OMAHA, Neb., Oct. 25, 2016 /PRNewswire/ -- The holiday season is filled with reds and greens, but the typical cold-weather landscape looks anything but festive, according to Nature Hills Nursery.
"Many yards look bleak and boring in the late fall and winter," said Jeff Dinslage, president of Nature Hills Nursery, a large online seller of trees and shrubs at www.NatureHills.com. "That's because too many homeowners design landscapes for the summer months, but they forget about what their plants might look like in the cold season."
According to Dinslage, the key to an interesting cold-season landscape is choosing a mix of evergreens plus deciduous shrubs and trees that add orange and red to the landscape as temperatures begin cooling down. The result can be a yard with enough green and red to look both interesting and merry as the holiday season approaches.
Start with evergreens
An interesting fall and winter landscape incorporates plants that stay green all year long. Choose some large evergreens that will serve as colorful anchors in the landscape during the bleakest months. A good choice is Green Giant Arborvitae. As its name suggests, this fast-growing evergreen tree grows big—up to 40 to 50 feet at maturity, at the rate of 3-4 feet a year.
A Green Giant Arborvitae has the basic shape of a Christmas tree, and it gets about 15 to 18 feet wide at the base and tapers to a point at the very top. When planted about 15 feet apart, these large evergreens will grow together to form a natural green privacy screen that can block unsightly views beyond your property.
Arborvitae is Latin for "tree of life," which is an apt description of the hardy nature of this evergreen tree. It can survive ice storms and heavy snow. Birds love it, too. But most insects don't—and neither do deer. It grows well in most soils, and even during dry periods it's incredibly fast-growing. To learn more about this four-season landscape star, visit www.naturehills.com/arborvitae-green-giant.
To give your cold-season landscape additional accents of green, add a few Green Mountain Boxwood shrubs. Although boxwoods are a familiar shrub, what makes Green Mountain unique is its pyramidal shape. These shrubs stay small, just 3-5 feet tall and 2-3 feet wide, so they are a great choice as focal points in perennial beds or grouped together as a small hedge.
The dark green leaves of a Green Mountain Boxwood hold their green color much better than most boxwood shrubs throughout the winter months. This shrub also maintains its shape with very little pruning, so you won't have to spend your time on maintenance.
Bring in the reds
As temperatures cool down in the fall, several plants whose foliage turns red can become landscape stars. All it takes is one Autumn Blaze Red Maple to make a statement in your yard. This handsome tree can get big—40-60 feet tall and wide. It's a great shade tree during the summer, but it becomes a beacon of red when its leaves start changing colors in the fall.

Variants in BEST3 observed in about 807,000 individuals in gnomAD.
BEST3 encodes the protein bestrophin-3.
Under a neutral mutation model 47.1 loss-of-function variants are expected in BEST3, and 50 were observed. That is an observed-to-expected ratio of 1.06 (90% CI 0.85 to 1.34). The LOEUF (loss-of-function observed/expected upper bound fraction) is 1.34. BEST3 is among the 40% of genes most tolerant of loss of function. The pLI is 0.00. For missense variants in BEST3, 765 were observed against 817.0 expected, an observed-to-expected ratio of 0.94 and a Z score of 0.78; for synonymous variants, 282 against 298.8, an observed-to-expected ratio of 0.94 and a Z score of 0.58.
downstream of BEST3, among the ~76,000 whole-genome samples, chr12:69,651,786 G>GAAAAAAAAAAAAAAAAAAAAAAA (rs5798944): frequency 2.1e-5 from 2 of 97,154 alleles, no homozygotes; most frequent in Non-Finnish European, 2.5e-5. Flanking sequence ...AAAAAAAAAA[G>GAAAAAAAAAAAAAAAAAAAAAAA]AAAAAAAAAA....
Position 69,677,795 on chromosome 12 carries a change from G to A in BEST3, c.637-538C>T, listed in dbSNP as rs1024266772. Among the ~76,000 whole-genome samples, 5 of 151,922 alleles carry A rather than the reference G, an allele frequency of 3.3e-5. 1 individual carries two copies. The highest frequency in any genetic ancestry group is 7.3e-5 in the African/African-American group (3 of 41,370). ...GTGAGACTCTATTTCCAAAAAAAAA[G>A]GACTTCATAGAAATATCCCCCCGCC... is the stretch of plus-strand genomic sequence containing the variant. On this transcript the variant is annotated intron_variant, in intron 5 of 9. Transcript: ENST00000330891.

"The Autumn Blaze Red Maple is a cross between a red maple and a silver maple that's designed to provide more consistent late-season color," said Jeff Dinslage of Nature Hills Nursery. "Autumn Blaze works well as a single specimen, and a row of these planted along a street or a driveway is enough to stop traffic."
In the shrub category, you can't go wrong with a Red Chokeberry. It grows to 6-8 feet tall and 3-5 feet wide, so it fits well in smaller suburban yards. Red Chokeberry produces red leaves in fall and bright red berries in fall and throughout the winter. The berries look great when framed against a background of snow, and they stay on the plants until birds pick them off.
Another favorite for adding a touch of red to the winter landscape is red-twigged dogwood. When the first frost comes and its leaves fall, what remains throughout the winter are bright red stems that look wonderful when offset by a blanket of snow.
Deer won't nibble an Arctic Fire Dogwood, so you'll have plenty of the brilliant 3-4 foot stems to enjoy outdoors or bring indoors for a warm accent during those long days of winter. It's also an attractive plant during the warmer months, with tiny clusters of delicate white flowers in spring and berries in late summer to delight your feathered friends.
"All of these trees and shrubs do well when planted in the cooler temperatures of autumn," said Dinslage. "Fall planting gives plants a chance to establish a strong root system before freezing temperatures set in, and that extra root growth gives them a jump-start when spring comes."
Randy Schultz, 505-822-8222 or firstname.lastname@example.org
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SOURCE Nature Hills Nursery